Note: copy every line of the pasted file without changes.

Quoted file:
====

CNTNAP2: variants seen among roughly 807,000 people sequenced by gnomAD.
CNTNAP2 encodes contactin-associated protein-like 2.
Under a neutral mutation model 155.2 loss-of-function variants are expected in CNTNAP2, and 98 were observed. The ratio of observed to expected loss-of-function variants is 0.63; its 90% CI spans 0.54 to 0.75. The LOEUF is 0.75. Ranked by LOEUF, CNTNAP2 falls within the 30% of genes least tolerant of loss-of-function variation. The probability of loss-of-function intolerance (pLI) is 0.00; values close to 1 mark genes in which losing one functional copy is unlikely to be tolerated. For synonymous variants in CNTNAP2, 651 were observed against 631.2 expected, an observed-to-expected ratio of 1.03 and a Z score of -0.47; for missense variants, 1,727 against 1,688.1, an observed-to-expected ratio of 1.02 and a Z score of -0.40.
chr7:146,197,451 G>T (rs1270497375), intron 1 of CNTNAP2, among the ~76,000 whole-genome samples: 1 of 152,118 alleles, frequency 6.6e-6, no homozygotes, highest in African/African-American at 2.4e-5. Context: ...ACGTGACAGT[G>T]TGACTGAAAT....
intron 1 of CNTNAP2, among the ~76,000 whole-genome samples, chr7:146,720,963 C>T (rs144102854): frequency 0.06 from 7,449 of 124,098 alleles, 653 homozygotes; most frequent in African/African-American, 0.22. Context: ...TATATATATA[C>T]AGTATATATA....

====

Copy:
CNTNAP2: variants seen among roughly 807,000 people sequenced by gnomAD.
CNTNAP2 encodes contactin-associated protein-like 2.
Under a neutral mutation model 155.2 loss-of-function variants are expected in CNTNAP2, and 98 were observed. The ratio of observed to expected loss-of-function variants is 0.63; its 90% CI spans 0.54 to 0.75. The LOEUF is 0.75. Ranked by LOEUF, CNTNAP2 falls within the 30% of genes least tolerant of loss-of-function variation. The probability of loss-of-function intolerance (pLI) is 0.00; values close to 1 mark genes in which losing one functional copy is unlikely to be tolerated. For synonymous variants in CNTNAP2, 651 were observed against 631.2 expected, an observed-to-expected ratio of 1.03 and a Z score of -0.47; for missense variants, 1,727 against 1,688.1, an observed-to-expected ratio of 1.02 and a Z score of -0.40.
chr7:146,197,451 G>T (rs1270497375), intron 1 of CNTNAP2, among the ~76,000 whole-genome samples: 1 of 152,118 alleles, frequency 6.6e-6, no homozygotes, highest in African/African-American at 2.4e-5. Context: ...ACGTGACAGT[G>T]TGACTGAAAT....
intron 1 of CNTNAP2, among the ~76,000 whole-genome samples, chr7:146,720,963 C>T (rs144102854): frequency 0.06 from 7,449 of 124,098 alleles, 653 homozygotes; most frequent in African/African-American, 0.22. Context: ...TATATATATA[C>T]AGTATATATA....